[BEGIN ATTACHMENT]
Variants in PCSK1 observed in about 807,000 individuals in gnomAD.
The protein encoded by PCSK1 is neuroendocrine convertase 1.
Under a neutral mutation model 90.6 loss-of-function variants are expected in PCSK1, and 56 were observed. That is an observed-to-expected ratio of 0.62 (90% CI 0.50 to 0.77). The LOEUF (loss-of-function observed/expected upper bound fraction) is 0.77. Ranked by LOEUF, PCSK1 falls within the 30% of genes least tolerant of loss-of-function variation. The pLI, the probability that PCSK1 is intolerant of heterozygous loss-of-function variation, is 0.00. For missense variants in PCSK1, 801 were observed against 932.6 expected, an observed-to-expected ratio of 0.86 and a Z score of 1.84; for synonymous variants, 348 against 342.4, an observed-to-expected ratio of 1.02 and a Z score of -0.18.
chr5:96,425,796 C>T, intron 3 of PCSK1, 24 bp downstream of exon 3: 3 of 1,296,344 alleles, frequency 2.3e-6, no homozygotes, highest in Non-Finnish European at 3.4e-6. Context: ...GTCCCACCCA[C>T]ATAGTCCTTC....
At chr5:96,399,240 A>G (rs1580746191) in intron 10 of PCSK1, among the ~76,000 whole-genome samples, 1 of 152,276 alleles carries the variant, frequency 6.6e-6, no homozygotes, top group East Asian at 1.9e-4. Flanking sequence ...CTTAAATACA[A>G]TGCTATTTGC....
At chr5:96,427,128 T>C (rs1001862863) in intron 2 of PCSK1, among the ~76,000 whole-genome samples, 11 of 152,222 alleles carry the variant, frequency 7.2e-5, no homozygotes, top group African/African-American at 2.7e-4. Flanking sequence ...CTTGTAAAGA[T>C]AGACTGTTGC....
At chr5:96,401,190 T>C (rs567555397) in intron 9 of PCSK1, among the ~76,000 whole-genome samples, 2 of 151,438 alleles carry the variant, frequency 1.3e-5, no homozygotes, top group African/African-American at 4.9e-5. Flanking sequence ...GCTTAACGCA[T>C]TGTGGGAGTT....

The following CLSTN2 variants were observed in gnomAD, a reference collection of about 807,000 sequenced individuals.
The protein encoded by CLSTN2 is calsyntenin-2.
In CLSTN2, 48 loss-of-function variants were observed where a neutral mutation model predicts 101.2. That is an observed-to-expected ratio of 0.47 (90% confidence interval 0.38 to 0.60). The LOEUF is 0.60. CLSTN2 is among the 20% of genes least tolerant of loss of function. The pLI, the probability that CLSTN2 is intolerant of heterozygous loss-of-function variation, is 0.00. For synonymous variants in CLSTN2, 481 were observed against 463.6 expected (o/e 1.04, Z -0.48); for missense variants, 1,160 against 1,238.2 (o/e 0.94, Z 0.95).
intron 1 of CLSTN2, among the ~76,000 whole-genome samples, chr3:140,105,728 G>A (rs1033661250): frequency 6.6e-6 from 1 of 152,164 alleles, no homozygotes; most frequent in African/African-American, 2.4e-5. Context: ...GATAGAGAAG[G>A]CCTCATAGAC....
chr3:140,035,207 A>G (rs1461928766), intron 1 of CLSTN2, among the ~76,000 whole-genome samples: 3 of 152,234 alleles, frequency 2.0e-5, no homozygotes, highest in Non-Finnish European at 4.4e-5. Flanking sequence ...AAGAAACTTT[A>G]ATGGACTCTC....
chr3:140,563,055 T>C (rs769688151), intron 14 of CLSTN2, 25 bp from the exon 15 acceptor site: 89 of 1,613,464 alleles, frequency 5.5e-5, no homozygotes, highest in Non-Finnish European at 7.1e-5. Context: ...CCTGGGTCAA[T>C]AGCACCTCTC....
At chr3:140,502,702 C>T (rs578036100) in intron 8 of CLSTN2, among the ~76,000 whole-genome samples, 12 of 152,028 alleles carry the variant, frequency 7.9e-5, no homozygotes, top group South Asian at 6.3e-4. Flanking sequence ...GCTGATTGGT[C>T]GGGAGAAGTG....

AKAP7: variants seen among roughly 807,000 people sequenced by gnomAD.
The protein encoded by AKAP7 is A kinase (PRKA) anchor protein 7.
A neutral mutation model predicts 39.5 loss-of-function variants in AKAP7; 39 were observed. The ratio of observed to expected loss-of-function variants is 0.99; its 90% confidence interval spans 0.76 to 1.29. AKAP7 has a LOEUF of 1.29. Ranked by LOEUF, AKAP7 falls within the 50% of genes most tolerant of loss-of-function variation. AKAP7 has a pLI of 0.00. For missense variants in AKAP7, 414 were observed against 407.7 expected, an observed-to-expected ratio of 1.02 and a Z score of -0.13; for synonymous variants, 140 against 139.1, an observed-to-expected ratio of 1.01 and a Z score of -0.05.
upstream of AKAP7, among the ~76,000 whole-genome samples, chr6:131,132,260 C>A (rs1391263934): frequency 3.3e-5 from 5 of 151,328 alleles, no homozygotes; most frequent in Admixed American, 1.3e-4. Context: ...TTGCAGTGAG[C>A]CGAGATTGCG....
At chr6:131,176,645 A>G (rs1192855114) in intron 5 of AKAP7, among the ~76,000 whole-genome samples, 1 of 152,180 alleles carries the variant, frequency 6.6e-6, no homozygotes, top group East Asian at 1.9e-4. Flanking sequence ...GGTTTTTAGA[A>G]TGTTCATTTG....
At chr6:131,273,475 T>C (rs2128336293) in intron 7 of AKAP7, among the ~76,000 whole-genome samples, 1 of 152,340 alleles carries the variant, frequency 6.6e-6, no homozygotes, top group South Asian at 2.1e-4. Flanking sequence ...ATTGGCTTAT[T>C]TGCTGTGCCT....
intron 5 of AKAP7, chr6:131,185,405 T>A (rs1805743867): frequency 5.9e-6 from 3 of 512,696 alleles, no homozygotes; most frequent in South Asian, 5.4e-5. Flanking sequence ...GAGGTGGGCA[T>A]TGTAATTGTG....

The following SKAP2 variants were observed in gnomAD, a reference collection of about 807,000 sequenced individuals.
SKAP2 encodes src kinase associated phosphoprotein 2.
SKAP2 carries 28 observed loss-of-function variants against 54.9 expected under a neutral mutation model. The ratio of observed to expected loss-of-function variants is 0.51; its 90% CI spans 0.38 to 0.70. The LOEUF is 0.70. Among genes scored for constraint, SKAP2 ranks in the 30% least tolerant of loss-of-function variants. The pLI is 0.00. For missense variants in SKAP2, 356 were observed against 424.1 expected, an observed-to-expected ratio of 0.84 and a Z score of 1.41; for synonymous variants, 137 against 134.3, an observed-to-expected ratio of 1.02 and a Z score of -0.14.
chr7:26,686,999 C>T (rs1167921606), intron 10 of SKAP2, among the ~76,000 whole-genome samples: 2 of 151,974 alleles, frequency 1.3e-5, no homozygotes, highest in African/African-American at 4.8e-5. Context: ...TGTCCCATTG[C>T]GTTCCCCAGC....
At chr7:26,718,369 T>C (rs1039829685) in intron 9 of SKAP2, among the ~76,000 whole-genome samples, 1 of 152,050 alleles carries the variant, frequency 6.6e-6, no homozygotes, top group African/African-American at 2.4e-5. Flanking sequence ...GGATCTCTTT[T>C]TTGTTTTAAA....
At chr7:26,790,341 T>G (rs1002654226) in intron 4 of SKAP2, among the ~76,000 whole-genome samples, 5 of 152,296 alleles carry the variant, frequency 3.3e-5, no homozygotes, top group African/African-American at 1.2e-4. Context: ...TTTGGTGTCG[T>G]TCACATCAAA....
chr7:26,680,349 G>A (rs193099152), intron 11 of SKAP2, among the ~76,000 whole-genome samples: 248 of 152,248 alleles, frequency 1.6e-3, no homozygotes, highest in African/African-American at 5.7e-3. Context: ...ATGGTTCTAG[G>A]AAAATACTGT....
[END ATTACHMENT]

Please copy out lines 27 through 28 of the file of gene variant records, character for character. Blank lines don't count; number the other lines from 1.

At chr7:26,790,341 T>G (rs1002654226) in intron 4 of SKAP2, among the ~76,000 whole-genome samples, 5 of 152,296 alleles carry the variant, frequency 3.3e-5, no homozygotes, top group African/African-American at 1.2e-4. Context: ...TTTGGTGTCG[T>G]TCACATCAAA....
chr7:26,680,349 G>A (rs193099152), intron 11 of SKAP2, among the ~76,000 whole-genome samples: 248 of 152,248 alleles, frequency 1.6e-3, no homozygotes, highest in African/African-American at 5.7e-3. Context: ...ATGGTTCTAG[G>A]AAAATACTGT....